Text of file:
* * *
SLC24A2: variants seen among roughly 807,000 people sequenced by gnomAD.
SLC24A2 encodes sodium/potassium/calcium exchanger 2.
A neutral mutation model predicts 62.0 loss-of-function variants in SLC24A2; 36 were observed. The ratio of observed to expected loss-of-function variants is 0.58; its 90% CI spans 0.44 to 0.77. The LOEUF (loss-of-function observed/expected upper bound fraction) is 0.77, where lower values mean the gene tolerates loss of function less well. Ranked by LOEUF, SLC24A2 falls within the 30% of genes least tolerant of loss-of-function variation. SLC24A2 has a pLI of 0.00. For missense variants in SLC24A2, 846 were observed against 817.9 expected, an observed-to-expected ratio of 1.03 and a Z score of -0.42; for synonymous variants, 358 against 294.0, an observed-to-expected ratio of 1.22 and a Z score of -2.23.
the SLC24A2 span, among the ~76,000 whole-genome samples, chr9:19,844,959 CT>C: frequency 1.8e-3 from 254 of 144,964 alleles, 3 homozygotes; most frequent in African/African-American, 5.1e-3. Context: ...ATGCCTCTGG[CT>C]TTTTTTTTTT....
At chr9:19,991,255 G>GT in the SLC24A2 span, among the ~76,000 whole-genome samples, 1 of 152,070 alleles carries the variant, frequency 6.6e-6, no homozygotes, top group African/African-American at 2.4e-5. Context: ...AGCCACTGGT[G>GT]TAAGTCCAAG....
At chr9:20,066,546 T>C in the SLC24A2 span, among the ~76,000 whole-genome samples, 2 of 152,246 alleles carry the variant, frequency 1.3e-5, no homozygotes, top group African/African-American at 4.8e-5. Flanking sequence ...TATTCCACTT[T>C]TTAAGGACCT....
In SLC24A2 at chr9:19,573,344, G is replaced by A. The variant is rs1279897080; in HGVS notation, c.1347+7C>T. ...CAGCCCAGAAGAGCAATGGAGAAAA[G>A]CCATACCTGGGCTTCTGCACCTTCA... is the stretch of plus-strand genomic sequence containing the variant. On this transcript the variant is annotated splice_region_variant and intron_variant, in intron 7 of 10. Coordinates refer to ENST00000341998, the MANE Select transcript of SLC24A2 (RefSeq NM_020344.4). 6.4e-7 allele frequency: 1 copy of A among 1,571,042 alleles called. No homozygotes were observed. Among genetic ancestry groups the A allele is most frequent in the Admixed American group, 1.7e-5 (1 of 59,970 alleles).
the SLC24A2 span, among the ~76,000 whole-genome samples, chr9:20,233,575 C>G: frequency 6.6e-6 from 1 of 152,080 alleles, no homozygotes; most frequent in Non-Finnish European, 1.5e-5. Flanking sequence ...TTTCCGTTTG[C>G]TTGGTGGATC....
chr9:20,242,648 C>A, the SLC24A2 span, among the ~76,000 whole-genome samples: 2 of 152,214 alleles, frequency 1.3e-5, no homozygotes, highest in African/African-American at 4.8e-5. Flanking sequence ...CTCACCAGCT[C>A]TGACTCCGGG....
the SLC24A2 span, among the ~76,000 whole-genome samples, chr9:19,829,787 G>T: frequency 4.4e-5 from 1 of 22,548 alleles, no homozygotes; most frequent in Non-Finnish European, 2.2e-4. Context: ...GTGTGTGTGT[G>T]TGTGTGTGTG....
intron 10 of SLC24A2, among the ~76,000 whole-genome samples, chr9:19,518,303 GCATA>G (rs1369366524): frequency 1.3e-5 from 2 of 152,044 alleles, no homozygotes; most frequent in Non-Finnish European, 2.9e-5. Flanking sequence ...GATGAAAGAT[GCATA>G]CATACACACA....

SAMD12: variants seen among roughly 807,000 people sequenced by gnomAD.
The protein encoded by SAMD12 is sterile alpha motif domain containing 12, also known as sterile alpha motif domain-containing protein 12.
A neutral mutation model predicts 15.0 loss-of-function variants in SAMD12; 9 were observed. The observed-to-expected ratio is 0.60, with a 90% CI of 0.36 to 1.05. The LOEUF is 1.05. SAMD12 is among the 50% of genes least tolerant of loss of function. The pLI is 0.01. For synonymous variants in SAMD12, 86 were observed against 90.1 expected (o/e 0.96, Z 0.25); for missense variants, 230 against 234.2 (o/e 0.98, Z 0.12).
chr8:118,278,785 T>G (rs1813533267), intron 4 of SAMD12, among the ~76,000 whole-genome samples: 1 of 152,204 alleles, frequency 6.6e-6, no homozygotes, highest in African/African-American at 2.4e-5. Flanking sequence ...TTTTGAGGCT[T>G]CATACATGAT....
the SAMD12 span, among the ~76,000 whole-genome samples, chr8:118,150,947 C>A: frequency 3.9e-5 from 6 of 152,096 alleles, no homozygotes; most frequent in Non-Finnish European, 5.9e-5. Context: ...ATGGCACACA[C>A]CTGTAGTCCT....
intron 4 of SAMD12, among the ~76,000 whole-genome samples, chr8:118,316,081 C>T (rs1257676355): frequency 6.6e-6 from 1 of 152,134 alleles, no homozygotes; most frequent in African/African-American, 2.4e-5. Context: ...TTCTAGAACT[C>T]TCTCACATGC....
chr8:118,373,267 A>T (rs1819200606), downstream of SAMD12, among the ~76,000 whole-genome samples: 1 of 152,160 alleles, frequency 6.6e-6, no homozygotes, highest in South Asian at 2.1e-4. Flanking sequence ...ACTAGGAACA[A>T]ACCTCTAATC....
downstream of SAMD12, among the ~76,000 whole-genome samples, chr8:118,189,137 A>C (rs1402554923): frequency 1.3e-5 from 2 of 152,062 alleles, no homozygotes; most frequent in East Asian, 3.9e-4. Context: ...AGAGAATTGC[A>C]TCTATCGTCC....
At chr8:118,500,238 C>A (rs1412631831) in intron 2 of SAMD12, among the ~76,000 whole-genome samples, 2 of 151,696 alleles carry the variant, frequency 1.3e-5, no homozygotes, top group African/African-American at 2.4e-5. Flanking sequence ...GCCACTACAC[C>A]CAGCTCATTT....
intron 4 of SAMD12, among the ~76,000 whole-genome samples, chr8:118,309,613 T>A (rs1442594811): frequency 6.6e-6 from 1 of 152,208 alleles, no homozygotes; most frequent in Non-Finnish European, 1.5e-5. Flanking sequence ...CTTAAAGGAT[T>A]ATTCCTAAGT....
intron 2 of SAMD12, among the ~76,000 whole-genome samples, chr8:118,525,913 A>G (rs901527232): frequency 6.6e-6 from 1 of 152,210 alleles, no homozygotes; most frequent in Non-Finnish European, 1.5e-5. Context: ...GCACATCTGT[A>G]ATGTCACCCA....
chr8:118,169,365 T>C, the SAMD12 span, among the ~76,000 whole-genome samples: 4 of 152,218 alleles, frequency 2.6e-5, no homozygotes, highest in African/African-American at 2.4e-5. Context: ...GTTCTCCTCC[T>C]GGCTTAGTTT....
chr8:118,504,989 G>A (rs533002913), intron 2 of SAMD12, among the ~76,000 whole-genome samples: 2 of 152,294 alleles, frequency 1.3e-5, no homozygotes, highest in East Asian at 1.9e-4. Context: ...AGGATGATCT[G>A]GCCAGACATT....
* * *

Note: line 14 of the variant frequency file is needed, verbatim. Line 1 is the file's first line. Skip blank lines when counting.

A neutral mutation model predicts 15.0 loss-of-function variants in SAMD12; 9 were observed. The observed-to-expected ratio is 0.60, with a 90% CI of 0.36 to 1.05. The LOEUF is 1.05. SAMD12 is among the 50% of genes least tolerant of loss of function. The pLI is 0.01. For synonymous variants in SAMD12, 86 were observed against 90.1 expected (o/e 0.96, Z 0.25); for missense variants, 230 against 234.2 (o/e 0.98, Z 0.12).